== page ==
Compared to the omnivore diet, the other three diets had a lower incidence of type II diabetes, (16–41%), cancer (7–13%), mortality from coronary heart disease (20–26%), and mortality from all causes combined (0–18%) (8). When a projected population increase to 9.7 billion people is combined with a projected increase of 32% in per person emissions from shifts to an omnivore diet, the net effect is an estimated 80% increase in global GHGE from food production by 2050. Alternatively, net GHGE from food production would not increase if the global diet was vegetarian, pescetarian, or Mediterranean. These diets could ostensibly reduce GHGE below those of the projected 2050 income-dependent diet, with reductions of 55, 45, and 30% for vegetarian, pescetarian, and Mediterranean diets, respectively. These findings are similar to other systematic reviews that assessed the impacts of diets on GHGE, land use, water use, and health (174).
Life cycle assessments suggest plant foods have less GHGE than do animal foods, and ruminant meats have greater GHGE per gram of protein than poultry, pork, eggs, dairy, non-trawling seafood, and traditional aquaculture (16, 175). Yet, those assessments generally do not address nuanced relationships among the health of soil, plants, herbivores, and humans (57, 176). When the environmental footprint—expressed both as land use for production and as GHGE—of plant and animal foods is calculated to consider essential amino acids in required amounts, animal foods are similar to most plant foods due to the higher quality of animal proteins (177). Grass-finished livestock can also promote nutrient cycling, soil carbon sequestration, and clean water and support food security (178–180).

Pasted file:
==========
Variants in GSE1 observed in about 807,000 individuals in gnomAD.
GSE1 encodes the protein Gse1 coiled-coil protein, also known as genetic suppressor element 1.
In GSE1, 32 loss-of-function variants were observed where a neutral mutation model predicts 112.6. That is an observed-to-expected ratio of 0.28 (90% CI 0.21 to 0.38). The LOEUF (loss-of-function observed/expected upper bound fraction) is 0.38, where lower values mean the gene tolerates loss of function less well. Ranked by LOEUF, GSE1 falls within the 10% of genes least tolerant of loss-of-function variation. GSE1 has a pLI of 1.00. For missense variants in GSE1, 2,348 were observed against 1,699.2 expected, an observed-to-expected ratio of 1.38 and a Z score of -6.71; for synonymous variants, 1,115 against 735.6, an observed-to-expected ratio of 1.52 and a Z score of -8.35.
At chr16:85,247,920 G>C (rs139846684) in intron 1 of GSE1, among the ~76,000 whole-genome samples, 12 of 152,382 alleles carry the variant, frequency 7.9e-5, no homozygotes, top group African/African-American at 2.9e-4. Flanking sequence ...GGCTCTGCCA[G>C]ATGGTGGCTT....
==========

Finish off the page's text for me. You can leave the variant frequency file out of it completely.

Worldwide, agriculture involves 570 million farms and ranches—over 90% of them managed by a family and reliant on family labor—that produce 80% of the world's food (181). Agriculture employs over 1.3 billion people, nearly 40% of the global workforce (181). In nearly 50 countries, agriculture provides work for 50% of the population, up to 75% in poorer nations. Production of meat and dairy from cattle, sheep, and goats provides job security and food from animals that graze land unsuitable for farming and eat crop residues (179, 180). Livestock convert more than 432 billion kg of food/fiber byproducts inedible by humans into human-edible food, pet food, industrial products, and 4 billion kg of N fertilizer (182). In the U.S., 2.2 million farms and ranches cover 922 million acres; agriculture employs 1.6 million people and produces $31.8 billion in exports; and animal-derived foods provide considerable energy (24%), essential fatty acids (23–100%), protein (48%), and amino acids for people (34–67%) (182).